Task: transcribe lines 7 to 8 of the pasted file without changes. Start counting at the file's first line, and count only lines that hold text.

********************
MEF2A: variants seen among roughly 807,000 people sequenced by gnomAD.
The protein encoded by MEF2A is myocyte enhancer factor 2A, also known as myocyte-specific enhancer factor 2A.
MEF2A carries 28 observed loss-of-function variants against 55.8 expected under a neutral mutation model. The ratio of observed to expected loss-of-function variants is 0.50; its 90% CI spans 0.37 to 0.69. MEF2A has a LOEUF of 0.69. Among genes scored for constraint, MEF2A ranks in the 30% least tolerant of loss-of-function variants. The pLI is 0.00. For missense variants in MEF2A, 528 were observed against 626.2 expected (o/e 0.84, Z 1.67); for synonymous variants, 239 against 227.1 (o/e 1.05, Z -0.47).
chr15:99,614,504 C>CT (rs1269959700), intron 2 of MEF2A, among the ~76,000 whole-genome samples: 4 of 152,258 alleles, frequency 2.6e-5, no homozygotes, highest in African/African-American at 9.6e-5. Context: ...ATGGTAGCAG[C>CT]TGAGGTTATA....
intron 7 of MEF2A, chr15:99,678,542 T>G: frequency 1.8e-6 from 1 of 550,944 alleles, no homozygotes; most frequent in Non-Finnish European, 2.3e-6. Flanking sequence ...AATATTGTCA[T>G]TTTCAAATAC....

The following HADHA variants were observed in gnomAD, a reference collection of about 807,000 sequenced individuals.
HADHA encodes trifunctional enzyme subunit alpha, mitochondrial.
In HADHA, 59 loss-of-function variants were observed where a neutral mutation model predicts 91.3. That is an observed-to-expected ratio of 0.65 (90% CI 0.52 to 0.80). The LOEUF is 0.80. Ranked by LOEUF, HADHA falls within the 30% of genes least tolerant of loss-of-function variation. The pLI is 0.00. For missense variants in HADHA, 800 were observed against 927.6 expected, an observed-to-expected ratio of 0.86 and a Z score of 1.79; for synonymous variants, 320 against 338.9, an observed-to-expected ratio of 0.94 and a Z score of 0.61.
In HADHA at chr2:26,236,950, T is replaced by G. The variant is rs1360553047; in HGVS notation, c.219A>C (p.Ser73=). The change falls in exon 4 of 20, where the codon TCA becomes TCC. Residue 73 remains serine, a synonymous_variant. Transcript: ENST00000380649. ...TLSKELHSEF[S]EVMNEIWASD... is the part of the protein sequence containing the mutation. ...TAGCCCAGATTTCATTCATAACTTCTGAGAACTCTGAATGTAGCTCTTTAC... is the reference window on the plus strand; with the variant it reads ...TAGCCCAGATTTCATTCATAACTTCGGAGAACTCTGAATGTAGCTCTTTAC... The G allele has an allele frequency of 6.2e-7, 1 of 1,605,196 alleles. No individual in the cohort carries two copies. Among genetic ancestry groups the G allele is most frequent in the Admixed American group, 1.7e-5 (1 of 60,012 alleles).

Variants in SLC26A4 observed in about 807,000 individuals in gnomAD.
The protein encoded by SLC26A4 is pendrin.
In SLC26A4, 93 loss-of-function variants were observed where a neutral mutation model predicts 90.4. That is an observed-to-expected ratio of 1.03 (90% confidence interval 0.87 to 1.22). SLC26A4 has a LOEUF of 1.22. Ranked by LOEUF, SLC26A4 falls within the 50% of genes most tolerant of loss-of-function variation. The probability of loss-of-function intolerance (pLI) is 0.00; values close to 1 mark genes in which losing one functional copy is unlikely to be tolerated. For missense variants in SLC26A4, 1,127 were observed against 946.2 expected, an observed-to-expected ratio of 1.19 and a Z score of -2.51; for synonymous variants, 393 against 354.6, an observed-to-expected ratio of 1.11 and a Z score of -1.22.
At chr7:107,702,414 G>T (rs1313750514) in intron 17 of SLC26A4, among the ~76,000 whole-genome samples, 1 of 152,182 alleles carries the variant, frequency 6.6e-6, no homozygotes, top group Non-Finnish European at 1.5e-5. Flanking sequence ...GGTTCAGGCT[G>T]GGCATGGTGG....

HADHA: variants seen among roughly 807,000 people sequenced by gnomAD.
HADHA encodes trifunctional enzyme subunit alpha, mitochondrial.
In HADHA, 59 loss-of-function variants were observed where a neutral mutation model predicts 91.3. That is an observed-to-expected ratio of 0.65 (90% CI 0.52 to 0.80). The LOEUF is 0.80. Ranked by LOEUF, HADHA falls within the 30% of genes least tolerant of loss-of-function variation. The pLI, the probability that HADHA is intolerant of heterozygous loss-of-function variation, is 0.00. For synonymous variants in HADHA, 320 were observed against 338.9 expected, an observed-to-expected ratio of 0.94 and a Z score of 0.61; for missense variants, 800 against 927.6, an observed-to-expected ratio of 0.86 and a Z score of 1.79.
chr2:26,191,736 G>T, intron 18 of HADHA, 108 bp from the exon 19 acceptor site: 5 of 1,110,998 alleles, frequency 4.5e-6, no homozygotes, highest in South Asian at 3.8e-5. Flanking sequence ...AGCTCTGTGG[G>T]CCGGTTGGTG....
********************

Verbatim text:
HADHA encodes trifunctional enzyme subunit alpha, mitochondrial.
In HADHA, 59 loss-of-function variants were observed where a neutral mutation model predicts 91.3. That is an observed-to-expected ratio of 0.65 (90% CI 0.52 to 0.80). The LOEUF is 0.80. Ranked by LOEUF, HADHA falls within the 30% of genes least tolerant of loss-of-function variation. The pLI is 0.00. For missense variants in HADHA, 800 were observed against 927.6 expected, an observed-to-expected ratio of 0.86 and a Z score of 1.79; for synonymous variants, 320 against 338.9, an observed-to-expected ratio of 0.94 and a Z score of 0.61.